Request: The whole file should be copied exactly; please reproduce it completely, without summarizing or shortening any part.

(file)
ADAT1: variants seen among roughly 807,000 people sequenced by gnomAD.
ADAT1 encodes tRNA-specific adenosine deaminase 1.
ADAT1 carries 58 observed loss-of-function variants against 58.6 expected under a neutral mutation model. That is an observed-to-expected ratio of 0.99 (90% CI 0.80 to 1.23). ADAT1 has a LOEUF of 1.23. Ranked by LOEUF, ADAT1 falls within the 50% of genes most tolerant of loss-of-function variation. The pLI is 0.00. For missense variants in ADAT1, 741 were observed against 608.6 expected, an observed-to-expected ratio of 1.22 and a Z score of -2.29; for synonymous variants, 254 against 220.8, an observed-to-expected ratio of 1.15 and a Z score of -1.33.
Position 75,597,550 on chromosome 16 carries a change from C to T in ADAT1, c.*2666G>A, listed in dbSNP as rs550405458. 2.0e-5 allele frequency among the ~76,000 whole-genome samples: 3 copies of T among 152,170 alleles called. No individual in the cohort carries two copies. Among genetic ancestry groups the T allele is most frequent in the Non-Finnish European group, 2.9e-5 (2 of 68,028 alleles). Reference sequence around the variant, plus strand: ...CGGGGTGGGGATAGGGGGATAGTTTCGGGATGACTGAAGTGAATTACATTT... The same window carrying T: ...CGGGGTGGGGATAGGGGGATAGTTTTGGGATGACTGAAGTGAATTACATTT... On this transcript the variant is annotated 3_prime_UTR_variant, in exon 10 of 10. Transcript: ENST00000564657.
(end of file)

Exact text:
ADAT1: variants seen among roughly 807,000 people sequenced by gnomAD.
ADAT1 encodes tRNA-specific adenosine deaminase 1.
ADAT1 carries 58 observed loss-of-function variants against 58.6 expected under a neutral mutation model. That is an observed-to-expected ratio of 0.99 (90% CI 0.80 to 1.23). ADAT1 has a LOEUF of 1.23. Ranked by LOEUF, ADAT1 falls within the 50% of genes most tolerant of loss-of-function variation. The pLI is 0.00. For missense variants in ADAT1, 741 were observed against 608.6 expected, an observed-to-expected ratio of 1.22 and a Z score of -2.29; for synonymous variants, 254 against 220.8, an observed-to-expected ratio of 1.15 and a Z score of -1.33.
Position 75,597,550 on chromosome 16 carries a change from C to T in ADAT1, c.*2666G>A, listed in dbSNP as rs550405458. 2.0e-5 allele frequency among the ~76,000 whole-genome samples: 3 copies of T among 152,170 alleles called. No individual in the cohort carries two copies. Among genetic ancestry groups the T allele is most frequent in the Non-Finnish European group, 2.9e-5 (2 of 68,028 alleles). Reference sequence around the variant, plus strand: ...CGGGGTGGGGATAGGGGGATAGTTTCGGGATGACTGAAGTGAATTACATTT... The same window carrying T: ...CGGGGTGGGGATAGGGGGATAGTTTTGGGATGACTGAAGTGAATTACATTT... On this transcript the variant is annotated 3_prime_UTR_variant, in exon 10 of 10. Transcript: ENST00000564657.